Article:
Going to keep this short and sweet. In the past I’ve always run vanilla *NiX boxes. Why? well I’ve been at this a while since I was a kid in the 80’s so there’s that. Command lines are natural to my gen. But in recent years unlike many of the “do everything command line” fanboi’s the reality is that sometimes its nice to have some sort of management UI. If you are argue that you’re doing just that, being argumentative.
So recently I checkout the two SBS flavors for Linux. That being ClearOS and Zentyal. The former runs on CentOS where Zentyal runs on Ubuntu. First I’m a fan of Ubuntu they are doing some nice work and their desktop is one of my favs. With that said I’m not as confident with Ubuntu’s server. Be clear that doesn’t mean its not solid. In fact if you roll the LTS version you should be good for updates/fixes for sometime. What I will say is that although CentOS can be a pain package-wise it is very stable. There’s a reason many third parties bundle with CentOS. It may be slow to the latest and greatest but isn’t as likely to break either.
With Zentyal I have to be honest I like the GUI its pretty cool. The scaled back GUI for the desktop that it boots to automatically is handy. Just remember GUI’s take resources so if you have limited ponies don’t run it, just use the Web UI. I did find the Zentyal GUI on the desktop to be a little clunky at times. It’s cool but…I probably wouldn’t run it. This was tested on an older chip. Quad Core with 16GB of ram. Not a slow box but not Xeon or i7 either.
ClearOS’s GUI is laid out very nice. Its clean and concise. It doesn’t have the fancy fell that Zentyal does but in my opinion that’s not a negative. Might even be a plus actually. Also had better hardware detection with ClearOS, but that’s more about Cent really.
In short there are a couple things to consider. If you want bells and whistles go with Zentyal and Ubuntu. If you want solid stable battle tested go with ClearOS and Cent. I want to be clear Ubuntu is very stable, but CentOS is a true enterprise build with slow strategic and tested updates.
What would I choose
I’d go ClearOS and in fact did for a box just to have it around. I still like to run my own vanilla boxes just so I know there’s not some issue updating a package or something that the GUI management software doesn’t like.
Pretty simple really
# rm -rf ~/.npm
# npm cache clear
Use this process when you need to make sure a package isn’t loading anything from npm’s cache. Say you’ve updated or did a force update of your package and you need to make sure it pulls everything down and updates changes.
From time to time I create projects that need to be supported by both Windows and *NIX systems. Line endings are always a pain and although GIT has helped this a lot there are still issues at times that you must deal with manually.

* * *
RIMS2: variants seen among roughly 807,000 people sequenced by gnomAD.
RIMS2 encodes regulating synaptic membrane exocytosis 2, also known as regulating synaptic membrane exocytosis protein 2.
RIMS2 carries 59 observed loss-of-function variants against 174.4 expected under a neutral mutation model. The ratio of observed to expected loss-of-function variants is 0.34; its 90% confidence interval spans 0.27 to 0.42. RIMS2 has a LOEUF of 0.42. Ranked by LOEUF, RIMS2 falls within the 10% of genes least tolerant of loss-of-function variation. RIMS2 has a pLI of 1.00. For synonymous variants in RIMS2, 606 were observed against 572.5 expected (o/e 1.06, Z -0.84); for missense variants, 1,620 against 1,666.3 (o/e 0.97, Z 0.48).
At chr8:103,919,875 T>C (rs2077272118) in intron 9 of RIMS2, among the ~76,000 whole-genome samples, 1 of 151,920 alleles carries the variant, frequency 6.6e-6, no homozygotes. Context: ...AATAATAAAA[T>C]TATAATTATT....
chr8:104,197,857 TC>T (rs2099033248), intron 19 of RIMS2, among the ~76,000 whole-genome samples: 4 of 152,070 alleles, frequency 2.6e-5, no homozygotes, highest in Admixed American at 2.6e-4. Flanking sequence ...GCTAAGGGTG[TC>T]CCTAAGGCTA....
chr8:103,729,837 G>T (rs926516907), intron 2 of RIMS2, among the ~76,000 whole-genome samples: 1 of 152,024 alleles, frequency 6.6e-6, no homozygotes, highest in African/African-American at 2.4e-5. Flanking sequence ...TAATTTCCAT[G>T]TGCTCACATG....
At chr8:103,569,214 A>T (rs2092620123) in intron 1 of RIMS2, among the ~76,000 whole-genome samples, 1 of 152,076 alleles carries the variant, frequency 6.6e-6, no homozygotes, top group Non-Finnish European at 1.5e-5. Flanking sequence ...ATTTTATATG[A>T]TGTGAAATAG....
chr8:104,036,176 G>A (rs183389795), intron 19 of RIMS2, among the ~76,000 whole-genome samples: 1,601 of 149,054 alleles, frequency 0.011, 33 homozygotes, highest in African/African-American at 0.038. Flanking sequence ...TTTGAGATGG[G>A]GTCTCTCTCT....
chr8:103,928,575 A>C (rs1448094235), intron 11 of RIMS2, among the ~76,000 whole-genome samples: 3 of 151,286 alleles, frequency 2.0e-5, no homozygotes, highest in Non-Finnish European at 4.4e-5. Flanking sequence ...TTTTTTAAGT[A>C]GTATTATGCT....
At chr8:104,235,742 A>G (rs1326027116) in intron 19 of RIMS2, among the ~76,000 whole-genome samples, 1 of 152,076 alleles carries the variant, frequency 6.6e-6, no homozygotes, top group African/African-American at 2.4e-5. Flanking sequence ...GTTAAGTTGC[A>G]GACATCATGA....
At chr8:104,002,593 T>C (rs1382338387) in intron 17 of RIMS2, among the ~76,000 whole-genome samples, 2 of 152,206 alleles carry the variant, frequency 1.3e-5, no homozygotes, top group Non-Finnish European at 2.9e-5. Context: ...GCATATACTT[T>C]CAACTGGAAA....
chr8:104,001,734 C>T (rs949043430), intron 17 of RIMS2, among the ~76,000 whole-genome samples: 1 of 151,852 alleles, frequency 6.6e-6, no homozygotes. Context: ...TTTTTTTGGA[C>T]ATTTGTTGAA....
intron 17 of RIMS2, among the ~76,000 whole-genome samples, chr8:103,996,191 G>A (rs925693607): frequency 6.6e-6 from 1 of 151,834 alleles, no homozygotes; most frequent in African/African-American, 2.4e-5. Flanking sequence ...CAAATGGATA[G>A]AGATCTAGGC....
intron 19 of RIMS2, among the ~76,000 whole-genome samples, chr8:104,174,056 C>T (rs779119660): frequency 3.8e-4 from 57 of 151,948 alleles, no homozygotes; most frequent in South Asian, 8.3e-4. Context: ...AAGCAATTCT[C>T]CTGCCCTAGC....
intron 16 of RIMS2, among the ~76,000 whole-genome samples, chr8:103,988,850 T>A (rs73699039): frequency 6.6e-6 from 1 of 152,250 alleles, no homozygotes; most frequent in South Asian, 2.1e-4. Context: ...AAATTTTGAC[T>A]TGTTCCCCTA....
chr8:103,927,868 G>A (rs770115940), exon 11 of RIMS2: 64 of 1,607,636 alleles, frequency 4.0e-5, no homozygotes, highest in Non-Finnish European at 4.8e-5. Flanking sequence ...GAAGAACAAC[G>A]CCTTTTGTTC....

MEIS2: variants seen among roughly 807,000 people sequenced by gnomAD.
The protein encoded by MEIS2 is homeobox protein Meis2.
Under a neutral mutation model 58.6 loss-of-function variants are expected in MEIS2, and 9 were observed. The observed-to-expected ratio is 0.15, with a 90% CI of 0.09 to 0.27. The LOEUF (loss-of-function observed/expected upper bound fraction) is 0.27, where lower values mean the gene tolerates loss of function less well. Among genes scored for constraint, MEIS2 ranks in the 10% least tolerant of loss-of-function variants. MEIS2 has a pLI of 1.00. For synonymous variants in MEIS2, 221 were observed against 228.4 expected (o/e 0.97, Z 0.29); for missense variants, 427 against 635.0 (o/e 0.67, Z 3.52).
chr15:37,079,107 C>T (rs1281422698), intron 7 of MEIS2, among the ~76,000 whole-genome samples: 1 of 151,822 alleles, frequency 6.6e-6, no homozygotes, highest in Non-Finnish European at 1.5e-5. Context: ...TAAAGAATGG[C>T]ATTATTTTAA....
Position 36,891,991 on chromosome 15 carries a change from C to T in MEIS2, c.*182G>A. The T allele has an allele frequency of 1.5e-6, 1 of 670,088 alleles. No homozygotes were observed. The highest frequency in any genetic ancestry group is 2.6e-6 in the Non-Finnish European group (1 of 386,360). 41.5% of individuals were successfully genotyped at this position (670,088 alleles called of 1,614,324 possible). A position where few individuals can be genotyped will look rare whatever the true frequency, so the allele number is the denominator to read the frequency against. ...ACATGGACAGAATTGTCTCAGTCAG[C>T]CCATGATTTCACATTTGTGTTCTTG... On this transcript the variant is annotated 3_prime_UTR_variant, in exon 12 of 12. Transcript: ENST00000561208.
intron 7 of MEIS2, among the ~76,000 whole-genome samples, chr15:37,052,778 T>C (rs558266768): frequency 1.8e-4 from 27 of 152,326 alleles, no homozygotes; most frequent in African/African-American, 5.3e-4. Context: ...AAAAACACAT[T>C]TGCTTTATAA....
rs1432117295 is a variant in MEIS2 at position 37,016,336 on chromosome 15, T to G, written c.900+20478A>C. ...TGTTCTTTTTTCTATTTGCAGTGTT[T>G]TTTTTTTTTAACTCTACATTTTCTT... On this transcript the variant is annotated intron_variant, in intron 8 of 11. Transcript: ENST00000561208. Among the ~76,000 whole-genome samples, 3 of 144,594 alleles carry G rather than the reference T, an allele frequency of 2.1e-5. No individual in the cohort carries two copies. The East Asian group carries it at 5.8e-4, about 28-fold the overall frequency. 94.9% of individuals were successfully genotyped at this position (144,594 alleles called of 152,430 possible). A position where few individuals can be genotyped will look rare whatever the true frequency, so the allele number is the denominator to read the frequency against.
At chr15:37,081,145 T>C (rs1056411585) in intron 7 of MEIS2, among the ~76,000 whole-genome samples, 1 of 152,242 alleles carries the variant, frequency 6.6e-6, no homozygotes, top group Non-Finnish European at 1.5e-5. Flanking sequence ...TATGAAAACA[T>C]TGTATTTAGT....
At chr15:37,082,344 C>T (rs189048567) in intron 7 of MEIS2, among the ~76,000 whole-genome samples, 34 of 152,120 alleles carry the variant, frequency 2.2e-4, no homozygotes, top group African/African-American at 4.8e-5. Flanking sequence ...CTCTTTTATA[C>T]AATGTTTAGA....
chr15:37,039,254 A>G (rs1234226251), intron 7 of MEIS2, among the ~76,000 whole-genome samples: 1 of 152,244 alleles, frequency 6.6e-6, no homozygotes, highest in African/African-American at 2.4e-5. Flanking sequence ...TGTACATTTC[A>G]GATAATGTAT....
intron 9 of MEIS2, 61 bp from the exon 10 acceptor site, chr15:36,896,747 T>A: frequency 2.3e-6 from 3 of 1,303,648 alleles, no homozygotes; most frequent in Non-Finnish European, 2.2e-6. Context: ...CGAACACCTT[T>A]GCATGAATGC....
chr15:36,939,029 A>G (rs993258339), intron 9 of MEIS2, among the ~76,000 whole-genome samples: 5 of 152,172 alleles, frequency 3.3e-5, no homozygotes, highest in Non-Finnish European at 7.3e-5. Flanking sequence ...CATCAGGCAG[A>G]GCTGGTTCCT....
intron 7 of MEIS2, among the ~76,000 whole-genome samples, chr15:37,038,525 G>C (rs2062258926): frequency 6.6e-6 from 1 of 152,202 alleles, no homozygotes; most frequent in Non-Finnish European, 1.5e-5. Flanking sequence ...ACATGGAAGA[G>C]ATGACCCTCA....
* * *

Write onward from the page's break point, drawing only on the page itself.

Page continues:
Here is a quick way to output a project and convert line endings all in one. This is not difficult but probably won’t make much sense unless you’ve messed with .cmd or .bat files in the past.
First grab dos2unix here. You’ll need to select the correct binary for your platform either 32bit or 64bit. As of today 6.0.3 is the current version.
Save the below to “your_project_name.bat”
CALL publish.bat -r -s %source% -d %dest%
ECHO Converting files to unix line endings…
SET exts=*.json, *.js
FOR %%f in (%exts%) DO (
CALL %d2upath%\dos2unix %%f
ECHO Finished publishing.
Save the following to “publish.bat”
REM Set npm path, default build directory various variables.
REM No args passed use defaults goto dependency check.
IF [%~1]== GOTO :HELP
IF /i %~1==-h GOTO :HELP
REM Loop over args and assign them.
IF [%~1]== GOTO :DIREXISTS
IF /i %~1==-s (
SET /a sourceIdx=%ctr%+1
IF /i %~1==-d (
SET /a destIdx=%ctr%+1
IF /i %~1==-r (
IF %ctr%==%sourceIdx% (
IF %lastArg%==-s SET sourceDir=%~1
IF %ctr%==%destIdx% (
IF %lastArg%==-d SET destDir=%~1
SET /a ctr+=1
SHIFT & GOTO :SETARGS
IF EXIST %destDir% GOTO :PUBLISH
SET /p create=”Directory “%destDir%” does not exist, would you like to create it (y or n)?”
IF %create%==y (
ECHO Creating directory…
ECHO Nothing to do, no output directory exiting…
ECHO PUBLISHING: %sourceDir% to %destDir%
IF %empty%==y (
ECHO Removing files and subfolders.
RD %destDir% /s /q
ECHO Publishing please wait…
IF EXIST pubignore.txt (
XCOPY /s /y /EXCLUDE:pubignore.txt %sourceDir%\* %destDir%
) ELSE (
XCOPY /s /y %sourceDir%\* %destDir%
ECHO HELP: Publish Script Help.
ECHO -s (specify source, default is current directory.)
ECHO -d (specify destination directory [required].)
ECHO -r (remove directory and re-create)
Create a text file with the name “pubignore.txt”
In this file you can put in files you want it to ignore when it copies the files from your source to your destination that you created in “your_project_name.bat”. This uses the standard xcopy EXCLUDE formatting.
NOTE: in the “your_project_name.bat” you can specify file extension types that you want dos2unix to convert also do this where it says “SET exts=*.json, *.js”
Created the files now what?
So once you’ve created all three files you have a couple options. You can put them all in the same folder as your project and then cd D:\Your\Project\Path. Where again “D” is the drive your project is in, then simply run “your_project_name.bat”.
The other option is to create a “Scripts” folder somewhere on your machine and then dump all but pubignore.txt (it needs to go in the project folder itself) in that folder. Lastly in your environment variables for your path include the path to the scripts folder. You can do this using the link I provided above or through the command line. Just Google it if you don’t quite get it. Once you do that you can just run “your_project_name.bat” from anywhere and it will do its job. This is in fact what I do and often call it from Visual Studio on build.
Xipframe MVC Framework
Check it out here.
Download it via NPM here.